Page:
Caffre king will not rob in his own country, because he is afraid of the English; but if the waggon's robbed, and you all killed in this country, which is not his, then he make excuses, and say, `I know nothing about it. Say that their people do it, not his people."

And after those days of constant communication with Evan, the blank cessation of it, the ignorance of all that had befallen or was befalling him, the want of a word of remembrance or affection, grew almost to a blank of despair. It was late in the month. "What waggon's that stopping?" exclaimed Mrs. Starling one afternoon. Mother and daughter were in the lean-to.

"See here," he said; "my waggon is coming up behind. I can give you a lift as far as there. Are you hungry?" "Ah," she said, "If you knew. If you only knew!" They waited for the waggon's coming up, for they could hear the horses' bells chiming cheerily across the valley. "I had an only daughter went away once," he said. "But, glory to God! I got her back again, though she brought a child with her.

Presently we left my road for the deep shade of a narrow country way where the great oaks and beeches meet overhead and no hedge- clipper sets his hand to stay nature's profusion; and so by pleasant lanes scarce the waggon's width across, now shady, now sunny, here bordered by thickset coverts, there giving on fruitful fields, we came at length to the mill.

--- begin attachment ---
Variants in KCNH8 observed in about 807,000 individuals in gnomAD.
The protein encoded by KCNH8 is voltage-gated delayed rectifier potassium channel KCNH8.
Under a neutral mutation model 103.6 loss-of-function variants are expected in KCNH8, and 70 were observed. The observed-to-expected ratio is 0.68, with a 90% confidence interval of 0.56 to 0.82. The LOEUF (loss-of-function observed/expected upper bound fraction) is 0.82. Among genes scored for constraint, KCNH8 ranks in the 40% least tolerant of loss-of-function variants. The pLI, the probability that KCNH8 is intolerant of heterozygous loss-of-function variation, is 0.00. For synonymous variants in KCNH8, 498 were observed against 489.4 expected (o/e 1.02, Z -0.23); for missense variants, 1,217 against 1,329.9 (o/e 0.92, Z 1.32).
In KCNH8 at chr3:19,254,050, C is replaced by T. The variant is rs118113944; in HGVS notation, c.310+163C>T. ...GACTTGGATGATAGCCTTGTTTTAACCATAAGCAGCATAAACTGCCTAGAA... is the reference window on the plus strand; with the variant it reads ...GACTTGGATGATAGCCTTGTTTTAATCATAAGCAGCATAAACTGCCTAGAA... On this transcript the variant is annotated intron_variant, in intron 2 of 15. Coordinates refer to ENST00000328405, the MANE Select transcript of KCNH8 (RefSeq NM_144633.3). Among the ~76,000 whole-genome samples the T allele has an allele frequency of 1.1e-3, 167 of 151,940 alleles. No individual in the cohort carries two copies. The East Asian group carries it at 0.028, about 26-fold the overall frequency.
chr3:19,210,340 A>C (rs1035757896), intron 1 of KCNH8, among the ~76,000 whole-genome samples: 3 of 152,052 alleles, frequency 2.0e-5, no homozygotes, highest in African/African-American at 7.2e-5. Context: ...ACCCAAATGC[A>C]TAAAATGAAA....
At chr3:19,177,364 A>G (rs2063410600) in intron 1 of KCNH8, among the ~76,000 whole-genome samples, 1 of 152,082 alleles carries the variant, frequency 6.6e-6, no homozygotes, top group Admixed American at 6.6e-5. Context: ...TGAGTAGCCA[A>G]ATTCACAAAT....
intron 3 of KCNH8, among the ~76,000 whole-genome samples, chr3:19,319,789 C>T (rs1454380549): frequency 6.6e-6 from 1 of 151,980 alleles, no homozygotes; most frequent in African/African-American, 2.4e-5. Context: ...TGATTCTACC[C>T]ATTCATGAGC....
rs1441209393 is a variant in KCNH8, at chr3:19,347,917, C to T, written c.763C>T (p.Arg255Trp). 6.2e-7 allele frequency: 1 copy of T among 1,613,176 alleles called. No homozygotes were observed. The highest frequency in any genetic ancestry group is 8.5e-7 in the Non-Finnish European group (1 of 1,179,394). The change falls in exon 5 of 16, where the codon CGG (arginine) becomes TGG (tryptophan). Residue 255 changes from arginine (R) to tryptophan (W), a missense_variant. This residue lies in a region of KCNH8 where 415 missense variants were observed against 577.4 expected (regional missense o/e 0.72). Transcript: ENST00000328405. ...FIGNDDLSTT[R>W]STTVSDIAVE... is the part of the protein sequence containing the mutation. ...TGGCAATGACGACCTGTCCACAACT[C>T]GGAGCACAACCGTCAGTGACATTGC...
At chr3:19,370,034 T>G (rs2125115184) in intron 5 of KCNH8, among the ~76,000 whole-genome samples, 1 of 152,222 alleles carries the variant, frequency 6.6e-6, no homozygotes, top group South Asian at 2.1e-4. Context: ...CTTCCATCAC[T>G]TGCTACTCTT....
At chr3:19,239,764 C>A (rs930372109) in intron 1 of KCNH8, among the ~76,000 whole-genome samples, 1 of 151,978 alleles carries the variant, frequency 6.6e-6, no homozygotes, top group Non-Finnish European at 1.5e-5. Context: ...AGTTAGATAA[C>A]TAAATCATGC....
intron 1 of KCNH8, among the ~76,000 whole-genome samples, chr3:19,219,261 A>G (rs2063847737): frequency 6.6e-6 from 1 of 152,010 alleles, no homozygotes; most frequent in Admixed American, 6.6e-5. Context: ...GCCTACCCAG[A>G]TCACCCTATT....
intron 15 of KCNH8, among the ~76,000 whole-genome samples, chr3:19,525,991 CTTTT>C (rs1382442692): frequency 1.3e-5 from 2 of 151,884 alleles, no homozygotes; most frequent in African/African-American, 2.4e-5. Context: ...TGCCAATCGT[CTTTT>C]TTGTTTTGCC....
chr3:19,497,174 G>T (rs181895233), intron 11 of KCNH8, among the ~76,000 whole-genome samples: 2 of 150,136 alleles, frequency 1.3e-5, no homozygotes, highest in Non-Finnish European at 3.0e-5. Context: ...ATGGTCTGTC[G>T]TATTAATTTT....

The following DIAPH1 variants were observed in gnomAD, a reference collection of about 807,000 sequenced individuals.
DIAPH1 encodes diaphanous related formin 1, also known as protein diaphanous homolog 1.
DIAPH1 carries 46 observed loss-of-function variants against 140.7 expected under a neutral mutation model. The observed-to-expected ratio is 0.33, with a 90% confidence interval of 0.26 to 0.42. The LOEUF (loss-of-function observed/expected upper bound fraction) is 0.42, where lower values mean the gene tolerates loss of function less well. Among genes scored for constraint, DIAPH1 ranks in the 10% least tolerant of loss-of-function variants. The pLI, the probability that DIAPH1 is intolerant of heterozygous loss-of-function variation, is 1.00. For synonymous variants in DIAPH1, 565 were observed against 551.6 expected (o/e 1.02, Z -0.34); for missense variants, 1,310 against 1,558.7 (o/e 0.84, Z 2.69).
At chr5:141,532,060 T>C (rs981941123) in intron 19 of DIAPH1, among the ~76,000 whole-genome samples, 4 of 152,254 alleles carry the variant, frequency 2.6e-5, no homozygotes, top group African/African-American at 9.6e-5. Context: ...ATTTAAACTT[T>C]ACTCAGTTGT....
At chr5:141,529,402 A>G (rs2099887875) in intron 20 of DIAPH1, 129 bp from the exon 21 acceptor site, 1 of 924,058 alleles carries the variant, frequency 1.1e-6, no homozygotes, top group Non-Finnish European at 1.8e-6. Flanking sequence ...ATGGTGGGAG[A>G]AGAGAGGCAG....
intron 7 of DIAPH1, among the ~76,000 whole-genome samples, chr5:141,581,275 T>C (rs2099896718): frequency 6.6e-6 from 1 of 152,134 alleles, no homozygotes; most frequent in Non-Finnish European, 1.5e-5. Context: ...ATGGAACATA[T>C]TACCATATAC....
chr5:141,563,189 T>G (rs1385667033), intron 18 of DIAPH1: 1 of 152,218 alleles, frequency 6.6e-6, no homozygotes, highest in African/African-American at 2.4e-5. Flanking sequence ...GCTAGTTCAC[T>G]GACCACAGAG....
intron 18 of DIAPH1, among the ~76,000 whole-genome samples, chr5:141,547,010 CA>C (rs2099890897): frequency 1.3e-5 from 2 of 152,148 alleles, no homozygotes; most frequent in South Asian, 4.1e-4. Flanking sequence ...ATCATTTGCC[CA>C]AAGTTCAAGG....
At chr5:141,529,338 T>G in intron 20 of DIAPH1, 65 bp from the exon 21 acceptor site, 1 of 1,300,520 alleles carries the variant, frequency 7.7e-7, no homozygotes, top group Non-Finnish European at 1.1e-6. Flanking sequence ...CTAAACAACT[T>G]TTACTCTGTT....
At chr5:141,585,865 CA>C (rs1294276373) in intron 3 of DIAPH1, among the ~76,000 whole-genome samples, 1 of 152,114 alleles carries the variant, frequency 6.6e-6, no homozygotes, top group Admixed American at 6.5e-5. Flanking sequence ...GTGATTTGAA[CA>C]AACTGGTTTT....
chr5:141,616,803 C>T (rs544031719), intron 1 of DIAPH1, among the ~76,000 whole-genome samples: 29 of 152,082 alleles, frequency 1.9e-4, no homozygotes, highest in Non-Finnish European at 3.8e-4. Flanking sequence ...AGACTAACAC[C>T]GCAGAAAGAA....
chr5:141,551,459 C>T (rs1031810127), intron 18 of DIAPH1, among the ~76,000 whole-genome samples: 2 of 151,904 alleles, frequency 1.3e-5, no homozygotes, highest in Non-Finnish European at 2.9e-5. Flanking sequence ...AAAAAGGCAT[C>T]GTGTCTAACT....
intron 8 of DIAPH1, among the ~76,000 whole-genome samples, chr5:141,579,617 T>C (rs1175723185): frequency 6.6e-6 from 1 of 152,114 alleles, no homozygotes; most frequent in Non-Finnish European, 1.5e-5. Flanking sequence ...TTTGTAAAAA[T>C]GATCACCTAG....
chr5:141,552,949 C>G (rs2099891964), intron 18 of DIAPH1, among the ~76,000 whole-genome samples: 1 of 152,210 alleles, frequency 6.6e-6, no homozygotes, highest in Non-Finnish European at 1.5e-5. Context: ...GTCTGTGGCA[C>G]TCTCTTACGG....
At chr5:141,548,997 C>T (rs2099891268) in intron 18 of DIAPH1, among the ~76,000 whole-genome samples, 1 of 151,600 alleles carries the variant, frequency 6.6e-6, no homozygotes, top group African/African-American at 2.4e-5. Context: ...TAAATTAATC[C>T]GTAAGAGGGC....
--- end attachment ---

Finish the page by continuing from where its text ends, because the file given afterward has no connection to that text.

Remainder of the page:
It's a fortunate thing my waggon's roomy, or we'd have to leave some of your stuff to come up by one of the teams," said he. Mrs. Kingston was about to make apologies for the size of Frank's outfit, but Mr. Stewart stopped her. "It's all right, Mrs. Kingston. The lad might just as well be comfortable as not. He'll have plenty of roughing it, anyway.

With weary, extended arms he clutched hold of his vegetable couch in fear of being thrown to the ground by one of the waggon's jolts, and his eyes were fixed on the two long lines of gas lamps which stretched away in front of him till they mingled with a swarm of other lights in the distance atop of the slope.

Half a dozen lengthy bamboo fishing-poles projected from the waggon's rear. "You're here, Bob," said Judge Archinard, Mr. Robert's old friend and schoolmate. "It's going to be a royal day for fishing. I thought you said why, didn't you bring along the stuff?" The president of the Weymouth Bank took off his hat and rumpled his gray locks.

Parties of young men, at table in the fashionable restaurateurs' rooms on the mezzanine floor, ran to the windows, napkin in hand, and howled: "Cannibals, man-eaters, vampires!" The cart having plunged into a heap of refuse that had not been removed during the two days of civil disorder, the gilded youth screamed with delight: "The waggon's mired.... Hurrah! The Jacobins in the jakes!"